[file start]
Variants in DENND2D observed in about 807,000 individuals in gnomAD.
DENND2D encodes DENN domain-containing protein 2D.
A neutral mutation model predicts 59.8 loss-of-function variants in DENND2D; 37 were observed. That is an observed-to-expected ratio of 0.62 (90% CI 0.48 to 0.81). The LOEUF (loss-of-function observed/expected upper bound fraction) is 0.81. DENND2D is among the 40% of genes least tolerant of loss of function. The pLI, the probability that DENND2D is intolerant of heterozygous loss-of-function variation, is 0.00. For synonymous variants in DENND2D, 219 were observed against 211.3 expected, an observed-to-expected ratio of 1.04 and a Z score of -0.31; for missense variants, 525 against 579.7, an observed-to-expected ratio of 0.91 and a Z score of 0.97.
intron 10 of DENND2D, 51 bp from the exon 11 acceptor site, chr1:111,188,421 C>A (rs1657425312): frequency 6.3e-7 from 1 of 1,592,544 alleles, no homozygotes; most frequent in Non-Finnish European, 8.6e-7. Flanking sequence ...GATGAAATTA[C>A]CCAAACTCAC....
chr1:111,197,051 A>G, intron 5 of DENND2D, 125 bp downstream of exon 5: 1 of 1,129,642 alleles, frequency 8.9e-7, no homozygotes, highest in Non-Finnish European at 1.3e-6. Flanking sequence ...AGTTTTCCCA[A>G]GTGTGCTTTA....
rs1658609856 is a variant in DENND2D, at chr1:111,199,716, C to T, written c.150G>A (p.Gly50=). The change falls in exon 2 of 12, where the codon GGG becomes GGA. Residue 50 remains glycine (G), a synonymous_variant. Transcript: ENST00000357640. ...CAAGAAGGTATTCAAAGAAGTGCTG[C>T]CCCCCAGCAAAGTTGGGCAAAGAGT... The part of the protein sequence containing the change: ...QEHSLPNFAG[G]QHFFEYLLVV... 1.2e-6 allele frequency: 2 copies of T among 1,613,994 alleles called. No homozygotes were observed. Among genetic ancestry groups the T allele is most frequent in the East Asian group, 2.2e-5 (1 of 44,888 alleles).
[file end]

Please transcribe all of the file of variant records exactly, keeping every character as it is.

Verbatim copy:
Variants in DENND2D observed in about 807,000 individuals in gnomAD.
DENND2D encodes DENN domain-containing protein 2D.
A neutral mutation model predicts 59.8 loss-of-function variants in DENND2D; 37 were observed. That is an observed-to-expected ratio of 0.62 (90% CI 0.48 to 0.81). The LOEUF (loss-of-function observed/expected upper bound fraction) is 0.81. DENND2D is among the 40% of genes least tolerant of loss of function. The pLI, the probability that DENND2D is intolerant of heterozygous loss-of-function variation, is 0.00. For synonymous variants in DENND2D, 219 were observed against 211.3 expected, an observed-to-expected ratio of 1.04 and a Z score of -0.31; for missense variants, 525 against 579.7, an observed-to-expected ratio of 0.91 and a Z score of 0.97.
intron 10 of DENND2D, 51 bp from the exon 11 acceptor site, chr1:111,188,421 C>A (rs1657425312): frequency 6.3e-7 from 1 of 1,592,544 alleles, no homozygotes; most frequent in Non-Finnish European, 8.6e-7. Flanking sequence ...GATGAAATTA[C>A]CCAAACTCAC....
chr1:111,197,051 A>G, intron 5 of DENND2D, 125 bp downstream of exon 5: 1 of 1,129,642 alleles, frequency 8.9e-7, no homozygotes, highest in Non-Finnish European at 1.3e-6. Flanking sequence ...AGTTTTCCCA[A>G]GTGTGCTTTA....
rs1658609856 is a variant in DENND2D, at chr1:111,199,716, C to T, written c.150G>A (p.Gly50=). The change falls in exon 2 of 12, where the codon GGG becomes GGA. Residue 50 remains glycine (G), a synonymous_variant. Transcript: ENST00000357640. ...CAAGAAGGTATTCAAAGAAGTGCTG[C>T]CCCCCAGCAAAGTTGGGCAAAGAGT... The part of the protein sequence containing the change: ...QEHSLPNFAG[G]QHFFEYLLVV... 1.2e-6 allele frequency: 2 copies of T among 1,613,994 alleles called. No homozygotes were observed. Among genetic ancestry groups the T allele is most frequent in the East Asian group, 2.2e-5 (1 of 44,888 alleles).